With winter approaching, the piles of coal at utility yards are running well below average, and several utilities are pressuring rail companies to allow more coal trains through.
The problem is the traffic jam on railways across the country. A bumper crop for U.S. grain has led to a surge in shipments, with farmers shipping 15% more grain so far in 2014 compared to a year earlier. The story is similar with oil. Shipments of oil by rail – owing to a dearth of pipeline capacity – are up more than 13% this year.
But coal still makes up the largest share of commodity-driven rail activity, and about two-thirds of all coal burned in American power plants is shipped by rail. Still in 2014, coal shipments are more or less flat, despite the fact that coal supplies were severely depleted during the unusually cold winter of 2014. Utilities have been trying to stock up since, but their supplies are running well below the five-year average.
And utilities are sounding the alarm, blaming rail traffic for the inability to get enough coal.
Heading into the winter, supplies are significantly down. About 63% of coal-fired power plants have less than a 60-day supply on-hand this year, up from 42% in 2013. Even worse, 23% of coal plants have less than a 30-day supply, whereas just 13% of them were in that situation last year.
In one example of how depleted coal supplies are affecting utilities, several coal plants in Minnesota were forced to shut down temporarily when electric grid operators decided it would be wise to conserve coal for the winter. If Minnesota has to buy backup power to replace idled coal plants this winter, it will cost utilities extra – and the higher costs will be passed on to ratepayers.
But now some utilities are turning up the heat on rail companies. According to the Wall Street Journal, the utility group Western Coal Traffic League is asking the federal government to force BNSF Railway – a major rail company owned by Warren Buffet – to increase staff and capacity to handle more coal shipments.
On October 22 federal regulators began requiring rail companies to submit weekly updates on congestion and the status of commodity deliveries. Utilities are now asking regulators to require a specific timetable on when congestion will be relieved.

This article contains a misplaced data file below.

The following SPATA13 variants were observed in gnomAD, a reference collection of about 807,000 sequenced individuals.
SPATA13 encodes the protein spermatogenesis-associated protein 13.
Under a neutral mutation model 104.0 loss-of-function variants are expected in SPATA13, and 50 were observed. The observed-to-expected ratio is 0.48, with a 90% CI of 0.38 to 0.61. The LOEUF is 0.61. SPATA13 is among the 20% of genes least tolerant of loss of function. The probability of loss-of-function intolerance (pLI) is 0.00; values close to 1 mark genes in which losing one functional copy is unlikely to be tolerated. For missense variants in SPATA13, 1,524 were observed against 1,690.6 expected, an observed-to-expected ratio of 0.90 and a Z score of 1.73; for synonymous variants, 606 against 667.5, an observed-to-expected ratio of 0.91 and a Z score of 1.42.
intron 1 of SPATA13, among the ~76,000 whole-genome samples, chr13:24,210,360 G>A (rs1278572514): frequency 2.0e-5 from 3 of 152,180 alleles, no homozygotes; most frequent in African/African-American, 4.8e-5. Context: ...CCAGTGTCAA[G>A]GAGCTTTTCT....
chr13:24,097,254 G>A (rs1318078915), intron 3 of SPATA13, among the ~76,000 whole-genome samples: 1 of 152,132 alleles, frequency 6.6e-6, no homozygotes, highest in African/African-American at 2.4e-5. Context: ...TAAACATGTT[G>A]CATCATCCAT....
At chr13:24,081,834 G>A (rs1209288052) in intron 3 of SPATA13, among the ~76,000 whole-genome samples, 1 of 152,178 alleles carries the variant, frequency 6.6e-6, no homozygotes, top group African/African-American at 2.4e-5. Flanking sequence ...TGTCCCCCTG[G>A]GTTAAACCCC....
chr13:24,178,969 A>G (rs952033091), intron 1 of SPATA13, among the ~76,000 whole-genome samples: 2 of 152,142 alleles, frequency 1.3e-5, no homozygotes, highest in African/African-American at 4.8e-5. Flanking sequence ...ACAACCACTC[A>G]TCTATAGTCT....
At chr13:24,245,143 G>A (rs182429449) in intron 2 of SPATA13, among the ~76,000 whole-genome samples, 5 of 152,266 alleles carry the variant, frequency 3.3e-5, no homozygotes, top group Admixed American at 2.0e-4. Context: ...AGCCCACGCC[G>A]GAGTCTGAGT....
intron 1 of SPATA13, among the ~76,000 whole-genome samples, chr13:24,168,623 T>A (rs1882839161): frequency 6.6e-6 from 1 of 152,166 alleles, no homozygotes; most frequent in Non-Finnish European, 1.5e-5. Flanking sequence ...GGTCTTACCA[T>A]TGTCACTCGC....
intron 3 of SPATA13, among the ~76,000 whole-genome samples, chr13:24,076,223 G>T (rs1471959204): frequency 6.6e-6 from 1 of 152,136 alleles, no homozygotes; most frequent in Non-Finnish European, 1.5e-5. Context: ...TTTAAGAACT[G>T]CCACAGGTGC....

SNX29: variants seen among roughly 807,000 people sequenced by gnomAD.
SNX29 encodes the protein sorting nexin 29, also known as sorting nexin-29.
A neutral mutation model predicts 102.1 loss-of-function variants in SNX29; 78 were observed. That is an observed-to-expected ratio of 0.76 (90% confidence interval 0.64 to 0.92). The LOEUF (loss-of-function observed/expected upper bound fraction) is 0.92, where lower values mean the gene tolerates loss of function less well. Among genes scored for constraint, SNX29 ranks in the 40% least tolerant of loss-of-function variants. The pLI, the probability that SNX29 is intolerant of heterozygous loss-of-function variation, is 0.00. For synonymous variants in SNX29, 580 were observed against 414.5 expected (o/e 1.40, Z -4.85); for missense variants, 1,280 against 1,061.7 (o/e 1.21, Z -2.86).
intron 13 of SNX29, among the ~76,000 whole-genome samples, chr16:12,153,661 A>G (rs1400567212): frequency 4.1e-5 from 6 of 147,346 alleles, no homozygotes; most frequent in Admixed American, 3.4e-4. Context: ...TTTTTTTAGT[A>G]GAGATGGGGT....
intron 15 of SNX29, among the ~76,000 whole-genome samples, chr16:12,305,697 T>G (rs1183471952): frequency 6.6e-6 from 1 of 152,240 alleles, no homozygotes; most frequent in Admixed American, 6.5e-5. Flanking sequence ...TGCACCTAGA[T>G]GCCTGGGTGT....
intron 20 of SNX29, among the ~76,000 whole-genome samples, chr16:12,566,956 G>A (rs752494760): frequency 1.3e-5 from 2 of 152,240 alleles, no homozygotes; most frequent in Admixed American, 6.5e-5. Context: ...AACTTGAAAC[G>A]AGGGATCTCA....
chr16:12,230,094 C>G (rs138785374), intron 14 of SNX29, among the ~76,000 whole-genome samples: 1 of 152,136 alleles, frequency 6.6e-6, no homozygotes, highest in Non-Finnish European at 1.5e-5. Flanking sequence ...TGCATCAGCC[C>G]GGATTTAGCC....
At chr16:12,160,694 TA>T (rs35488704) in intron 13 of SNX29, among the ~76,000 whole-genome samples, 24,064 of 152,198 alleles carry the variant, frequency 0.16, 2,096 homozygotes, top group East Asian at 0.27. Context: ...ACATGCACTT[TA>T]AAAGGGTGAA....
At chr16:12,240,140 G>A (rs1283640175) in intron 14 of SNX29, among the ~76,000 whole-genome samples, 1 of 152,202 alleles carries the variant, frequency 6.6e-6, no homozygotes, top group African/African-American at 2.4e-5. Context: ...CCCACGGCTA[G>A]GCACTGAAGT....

BNSF says that it is already working hard to address the problem. It has invested $5.5 billion in rail capacity this year, adding 5,000 new railcars and hired 6,000 new employees.
BNSF also says it will spend a record $6 billion in 2015 to further expand its rail capacity, at least a third of which will be spent to allow for greater shipments of oil from the Bakken in North Dakota.
BNSF’s competitor, Union Pacific, has fared much better. It too is increasing investment, but it reported a 7 percent increase in deliveries in the third quarter, while BNSF’s shipments dropped by 1 percent.
But the Energy Information Administration says that while the rail congestion is real, it should not be overstated. Rail shipments have been relatively flat for the year, but significantly increased in the month of October – up 4.7% from the same month in 2013.
The severity of the coal shortage problem largely depends on whether or not the upcoming winter is as bad as last year’s. Record natural gas production led to unusually high volumes of natural gas being put into storage in 2014, which should help mitigate the problem of coal deliveries this coming winter.
Moreover, clogged rails will likely be resolved as infrastructure catches up. The surge in oil production has been so quick that it was inevitable that it would cause headaches on transit – pipelines and new rail capacity take time to build up. More railcars, locomotives, and staff will ease congestion in the coming years.
But with winter already setting in, there is little that utilities can do in the short-run to get more coal to their power plants.
By Nick Cunningham of Oilprice.com
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